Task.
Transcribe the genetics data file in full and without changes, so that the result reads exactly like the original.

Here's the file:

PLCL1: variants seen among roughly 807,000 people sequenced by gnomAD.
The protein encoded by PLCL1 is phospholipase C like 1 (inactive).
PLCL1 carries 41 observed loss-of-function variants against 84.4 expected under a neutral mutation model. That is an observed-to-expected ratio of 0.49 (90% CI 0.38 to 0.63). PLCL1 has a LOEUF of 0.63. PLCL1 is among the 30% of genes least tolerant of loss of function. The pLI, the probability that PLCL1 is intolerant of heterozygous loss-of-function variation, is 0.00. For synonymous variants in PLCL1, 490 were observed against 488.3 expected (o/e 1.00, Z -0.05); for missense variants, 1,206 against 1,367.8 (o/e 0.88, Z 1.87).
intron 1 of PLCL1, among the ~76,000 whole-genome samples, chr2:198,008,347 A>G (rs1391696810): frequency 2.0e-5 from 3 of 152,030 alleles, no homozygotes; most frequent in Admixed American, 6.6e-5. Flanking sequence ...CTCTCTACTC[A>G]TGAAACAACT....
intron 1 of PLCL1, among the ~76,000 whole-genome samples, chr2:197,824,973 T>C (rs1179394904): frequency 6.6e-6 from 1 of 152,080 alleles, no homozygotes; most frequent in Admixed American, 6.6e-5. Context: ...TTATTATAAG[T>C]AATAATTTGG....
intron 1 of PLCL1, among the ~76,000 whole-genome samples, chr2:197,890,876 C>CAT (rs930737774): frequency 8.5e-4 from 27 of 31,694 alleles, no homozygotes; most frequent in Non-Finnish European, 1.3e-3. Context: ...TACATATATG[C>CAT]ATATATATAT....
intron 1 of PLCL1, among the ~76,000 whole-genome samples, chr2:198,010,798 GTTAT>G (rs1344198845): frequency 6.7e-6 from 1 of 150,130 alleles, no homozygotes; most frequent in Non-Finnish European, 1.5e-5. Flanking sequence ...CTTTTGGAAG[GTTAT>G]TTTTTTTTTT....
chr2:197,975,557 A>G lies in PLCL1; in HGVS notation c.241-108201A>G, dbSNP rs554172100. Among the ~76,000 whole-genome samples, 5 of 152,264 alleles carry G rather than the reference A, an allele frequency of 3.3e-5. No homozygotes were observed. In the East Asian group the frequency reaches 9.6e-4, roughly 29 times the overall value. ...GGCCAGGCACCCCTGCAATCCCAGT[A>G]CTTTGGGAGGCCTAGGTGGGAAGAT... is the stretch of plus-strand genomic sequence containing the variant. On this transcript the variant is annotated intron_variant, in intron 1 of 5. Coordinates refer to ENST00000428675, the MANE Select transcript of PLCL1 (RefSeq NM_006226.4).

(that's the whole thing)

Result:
PLCL1: variants seen among roughly 807,000 people sequenced by gnomAD.
The protein encoded by PLCL1 is phospholipase C like 1 (inactive).
PLCL1 carries 41 observed loss-of-function variants against 84.4 expected under a neutral mutation model. That is an observed-to-expected ratio of 0.49 (90% CI 0.38 to 0.63). PLCL1 has a LOEUF of 0.63. PLCL1 is among the 30% of genes least tolerant of loss of function. The pLI, the probability that PLCL1 is intolerant of heterozygous loss-of-function variation, is 0.00. For synonymous variants in PLCL1, 490 were observed against 488.3 expected (o/e 1.00, Z -0.05); for missense variants, 1,206 against 1,367.8 (o/e 0.88, Z 1.87).
intron 1 of PLCL1, among the ~76,000 whole-genome samples, chr2:198,008,347 A>G (rs1391696810): frequency 2.0e-5 from 3 of 152,030 alleles, no homozygotes; most frequent in Admixed American, 6.6e-5. Flanking sequence ...CTCTCTACTC[A>G]TGAAACAACT....
intron 1 of PLCL1, among the ~76,000 whole-genome samples, chr2:197,824,973 T>C (rs1179394904): frequency 6.6e-6 from 1 of 152,080 alleles, no homozygotes; most frequent in Admixed American, 6.6e-5. Context: ...TTATTATAAG[T>C]AATAATTTGG....
intron 1 of PLCL1, among the ~76,000 whole-genome samples, chr2:197,890,876 C>CAT (rs930737774): frequency 8.5e-4 from 27 of 31,694 alleles, no homozygotes; most frequent in Non-Finnish European, 1.3e-3. Context: ...TACATATATG[C>CAT]ATATATATAT....
intron 1 of PLCL1, among the ~76,000 whole-genome samples, chr2:198,010,798 GTTAT>G (rs1344198845): frequency 6.7e-6 from 1 of 150,130 alleles, no homozygotes; most frequent in Non-Finnish European, 1.5e-5. Flanking sequence ...CTTTTGGAAG[GTTAT>G]TTTTTTTTTT....
chr2:197,975,557 A>G lies in PLCL1; in HGVS notation c.241-108201A>G, dbSNP rs554172100. Among the ~76,000 whole-genome samples, 5 of 152,264 alleles carry G rather than the reference A, an allele frequency of 3.3e-5. No homozygotes were observed. In the East Asian group the frequency reaches 9.6e-4, roughly 29 times the overall value. ...GGCCAGGCACCCCTGCAATCCCAGT[A>G]CTTTGGGAGGCCTAGGTGGGAAGAT... is the stretch of plus-strand genomic sequence containing the variant. On this transcript the variant is annotated intron_variant, in intron 1 of 5. Coordinates refer to ENST00000428675, the MANE Select transcript of PLCL1 (RefSeq NM_006226.4).